The true joke of the entire film, however, is that it is a joke, and we all know it, even if most of Knoxville and Nicoll’s co-stars are unwilling and unaware participants (kid actor Nicoll even seems questionably complicit from time to time). Most of the victims of the numerous pranks are apparently accepting enough, though there are only a few instances of blurred out faces, so who knows how many takes the production had to go through with certain bits if too many participants objected to being shown in the final product.
‘Bad Grandpa’ could not exist as an actual feature or a real documentary – it can only exist in its strange, fake middle ground, the only safe place for such senseless and often offensive gags, material that would be pummeled in any other narrative set-up. “It’s just a joke!” a sign should flash during every scene of ‘Bad Grandpa.’ “Don’t be insulted by the silly, goofy jokes! Jokes!”
Knoxville is admirably adherent to his shtick, which may just be the biggest problem with the production. He never once breaks character, even in scenes that see him driving alone with young Billy, a feat that would be more effective if Irving ever felt consistent as a character. He’s in on the joke, we’re in on the joke, but that doesn’t make it funny. In fact, knowing that the entire film is a goof frequently makes it feel woefully uneven and unsatisfying, especially because Tremaine consistently cuts off gags just as they’re getting to the good stuff, presumably because the real life people involved are reaching tipping points that must be diffused by someone finally stepping in to say, “it’s okay! We’re making a movie!” (And we know they do this, because such scenes pepper the film’s end credits.)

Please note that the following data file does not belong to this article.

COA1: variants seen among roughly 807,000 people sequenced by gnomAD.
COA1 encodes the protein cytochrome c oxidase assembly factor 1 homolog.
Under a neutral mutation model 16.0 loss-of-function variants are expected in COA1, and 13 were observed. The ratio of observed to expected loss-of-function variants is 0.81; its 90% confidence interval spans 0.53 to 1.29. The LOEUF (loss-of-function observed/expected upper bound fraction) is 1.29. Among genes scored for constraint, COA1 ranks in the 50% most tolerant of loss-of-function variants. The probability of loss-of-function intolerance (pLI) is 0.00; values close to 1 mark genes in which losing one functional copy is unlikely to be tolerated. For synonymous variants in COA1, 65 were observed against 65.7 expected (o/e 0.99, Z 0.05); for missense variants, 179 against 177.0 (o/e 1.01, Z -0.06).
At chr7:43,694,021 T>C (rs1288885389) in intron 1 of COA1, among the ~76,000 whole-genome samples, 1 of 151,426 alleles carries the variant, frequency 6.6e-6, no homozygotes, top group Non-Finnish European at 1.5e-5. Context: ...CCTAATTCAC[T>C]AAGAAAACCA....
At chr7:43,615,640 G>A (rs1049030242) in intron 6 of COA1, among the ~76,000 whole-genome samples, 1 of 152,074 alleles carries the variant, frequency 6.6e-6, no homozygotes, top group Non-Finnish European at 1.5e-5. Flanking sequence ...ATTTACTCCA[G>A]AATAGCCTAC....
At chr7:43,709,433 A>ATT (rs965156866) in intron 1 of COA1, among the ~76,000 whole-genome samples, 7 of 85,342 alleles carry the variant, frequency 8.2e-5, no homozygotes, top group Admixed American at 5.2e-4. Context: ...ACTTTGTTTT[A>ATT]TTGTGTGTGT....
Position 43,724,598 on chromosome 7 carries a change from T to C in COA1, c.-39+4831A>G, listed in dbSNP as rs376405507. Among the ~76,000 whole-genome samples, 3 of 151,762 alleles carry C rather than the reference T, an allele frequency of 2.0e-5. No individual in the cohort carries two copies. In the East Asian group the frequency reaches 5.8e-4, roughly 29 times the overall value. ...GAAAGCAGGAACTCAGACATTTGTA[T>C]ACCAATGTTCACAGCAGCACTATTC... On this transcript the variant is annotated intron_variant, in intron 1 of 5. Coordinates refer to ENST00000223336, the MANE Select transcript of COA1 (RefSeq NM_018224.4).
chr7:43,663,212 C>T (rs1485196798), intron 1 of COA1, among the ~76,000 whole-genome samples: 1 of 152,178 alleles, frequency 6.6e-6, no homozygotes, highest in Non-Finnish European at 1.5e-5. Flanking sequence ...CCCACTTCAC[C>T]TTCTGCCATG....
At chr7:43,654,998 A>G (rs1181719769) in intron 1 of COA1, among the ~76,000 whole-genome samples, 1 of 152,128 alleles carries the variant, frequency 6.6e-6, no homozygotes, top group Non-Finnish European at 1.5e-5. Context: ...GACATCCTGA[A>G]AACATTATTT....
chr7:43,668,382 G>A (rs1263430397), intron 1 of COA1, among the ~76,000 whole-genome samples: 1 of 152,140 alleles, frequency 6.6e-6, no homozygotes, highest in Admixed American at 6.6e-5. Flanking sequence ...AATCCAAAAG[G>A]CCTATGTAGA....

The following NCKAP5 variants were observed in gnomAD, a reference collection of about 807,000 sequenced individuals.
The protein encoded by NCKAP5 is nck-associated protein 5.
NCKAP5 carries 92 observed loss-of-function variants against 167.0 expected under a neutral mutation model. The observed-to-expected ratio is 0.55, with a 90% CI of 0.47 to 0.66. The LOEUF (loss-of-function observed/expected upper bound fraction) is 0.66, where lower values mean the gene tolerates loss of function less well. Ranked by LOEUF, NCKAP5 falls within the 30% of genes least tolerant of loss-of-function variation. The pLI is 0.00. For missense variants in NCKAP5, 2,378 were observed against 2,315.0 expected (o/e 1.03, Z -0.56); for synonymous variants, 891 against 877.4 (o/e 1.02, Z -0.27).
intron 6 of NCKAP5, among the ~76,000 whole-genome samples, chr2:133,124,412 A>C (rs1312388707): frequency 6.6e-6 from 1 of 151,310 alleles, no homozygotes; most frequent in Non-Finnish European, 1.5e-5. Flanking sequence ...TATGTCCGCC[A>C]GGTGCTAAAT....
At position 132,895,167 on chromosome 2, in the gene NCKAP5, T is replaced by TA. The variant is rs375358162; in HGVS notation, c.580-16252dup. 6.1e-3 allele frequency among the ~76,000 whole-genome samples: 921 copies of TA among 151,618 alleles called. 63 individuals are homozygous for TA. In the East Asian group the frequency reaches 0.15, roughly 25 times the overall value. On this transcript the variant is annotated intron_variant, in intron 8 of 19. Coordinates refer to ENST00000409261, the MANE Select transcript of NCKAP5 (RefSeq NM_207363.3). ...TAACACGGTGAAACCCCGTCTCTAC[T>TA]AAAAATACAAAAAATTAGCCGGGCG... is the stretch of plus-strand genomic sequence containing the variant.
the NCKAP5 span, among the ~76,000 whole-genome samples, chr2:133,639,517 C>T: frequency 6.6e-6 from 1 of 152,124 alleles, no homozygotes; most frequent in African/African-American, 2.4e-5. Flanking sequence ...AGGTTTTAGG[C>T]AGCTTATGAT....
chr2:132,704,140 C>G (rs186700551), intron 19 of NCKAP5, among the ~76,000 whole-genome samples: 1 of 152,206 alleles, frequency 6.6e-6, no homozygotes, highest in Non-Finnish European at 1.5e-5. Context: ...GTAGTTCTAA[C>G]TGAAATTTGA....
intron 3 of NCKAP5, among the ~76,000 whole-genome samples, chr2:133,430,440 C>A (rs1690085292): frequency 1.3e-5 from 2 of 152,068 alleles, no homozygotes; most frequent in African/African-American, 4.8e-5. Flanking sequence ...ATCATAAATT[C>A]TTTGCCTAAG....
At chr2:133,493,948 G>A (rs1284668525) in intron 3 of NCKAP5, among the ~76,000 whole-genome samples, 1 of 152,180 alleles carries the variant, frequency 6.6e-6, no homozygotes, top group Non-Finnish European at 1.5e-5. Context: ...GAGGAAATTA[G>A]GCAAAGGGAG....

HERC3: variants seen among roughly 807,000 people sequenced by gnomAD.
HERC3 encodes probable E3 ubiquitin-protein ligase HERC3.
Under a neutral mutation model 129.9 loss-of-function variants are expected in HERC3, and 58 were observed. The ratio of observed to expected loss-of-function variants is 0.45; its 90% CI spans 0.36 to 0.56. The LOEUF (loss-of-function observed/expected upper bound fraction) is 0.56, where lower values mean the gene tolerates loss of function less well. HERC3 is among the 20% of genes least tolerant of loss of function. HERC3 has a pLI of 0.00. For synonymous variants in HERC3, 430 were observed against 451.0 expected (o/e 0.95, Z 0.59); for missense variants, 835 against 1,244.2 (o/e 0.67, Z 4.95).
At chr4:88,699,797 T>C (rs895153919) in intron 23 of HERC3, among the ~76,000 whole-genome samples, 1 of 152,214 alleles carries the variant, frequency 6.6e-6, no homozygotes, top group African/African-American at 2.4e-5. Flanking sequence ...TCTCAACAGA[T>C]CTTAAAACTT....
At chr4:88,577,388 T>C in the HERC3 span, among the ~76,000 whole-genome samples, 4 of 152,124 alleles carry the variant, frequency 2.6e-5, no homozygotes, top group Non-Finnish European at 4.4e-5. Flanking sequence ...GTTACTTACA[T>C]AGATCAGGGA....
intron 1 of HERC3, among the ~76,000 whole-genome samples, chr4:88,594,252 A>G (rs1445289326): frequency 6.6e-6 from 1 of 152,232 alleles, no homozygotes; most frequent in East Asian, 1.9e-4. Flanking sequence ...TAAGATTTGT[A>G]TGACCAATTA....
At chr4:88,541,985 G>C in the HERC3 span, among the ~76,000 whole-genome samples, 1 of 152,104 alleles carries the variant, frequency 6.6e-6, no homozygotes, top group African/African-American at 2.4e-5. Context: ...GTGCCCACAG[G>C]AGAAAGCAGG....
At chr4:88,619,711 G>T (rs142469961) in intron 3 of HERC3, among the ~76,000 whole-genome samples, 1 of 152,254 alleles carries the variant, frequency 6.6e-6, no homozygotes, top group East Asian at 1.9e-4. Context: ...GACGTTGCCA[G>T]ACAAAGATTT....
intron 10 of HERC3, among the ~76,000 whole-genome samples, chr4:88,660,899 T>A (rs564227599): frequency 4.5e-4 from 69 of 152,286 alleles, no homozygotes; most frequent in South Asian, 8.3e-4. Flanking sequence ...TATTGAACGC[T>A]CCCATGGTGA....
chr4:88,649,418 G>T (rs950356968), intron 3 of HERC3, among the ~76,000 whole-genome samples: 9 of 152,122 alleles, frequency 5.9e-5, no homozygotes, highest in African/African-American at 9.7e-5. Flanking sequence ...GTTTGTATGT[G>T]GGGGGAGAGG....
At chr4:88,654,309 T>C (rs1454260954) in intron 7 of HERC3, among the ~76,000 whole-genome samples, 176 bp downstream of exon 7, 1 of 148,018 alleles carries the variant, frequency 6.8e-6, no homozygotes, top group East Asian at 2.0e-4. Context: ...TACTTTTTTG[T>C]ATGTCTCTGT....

Despite its aims to stand as a more traditional narrative outing than the ‘Jackass’ boys are used to, the film retains the surveillance and hidden camera style of filming they've used for previous productions, lending it a nice little bit of consistency to the rest of the ostensible franchise, no matter how different the film tries to be. But as ‘Bad Grandpa’ begins to wind down the clock, it becomes an unexpected mish-mash of new ideas, both narratively and technically. Suddenly, the film aims for some emotional weight (sure, it’s light, but it’s definitely there), with Billy begging his grandfather to keep him instead of delivering him to his deadbeat dad, a plot point that fuels the film’s disappointing finale. Tremaine and Knoxville also lean on a strangely placed flashback scene to tell a nonessential story, along with a surprisingly long sequence set at a kiddie pageant that doesn’t make a lick of sense, even if it’s very funny.
In fact, that’s the real problem with ‘Bad Grandpa’ – for all its outlandish gags and big time laughs - is that the production doesn’t make much sense, and for a film aiming to feel narratively complete, that’s a massive misstep. There’s no question the ‘Jackass’ crew is still funny and irreverent enough to make a film, but a fictionalized feature is something they should stay far away from the next time they hit the road.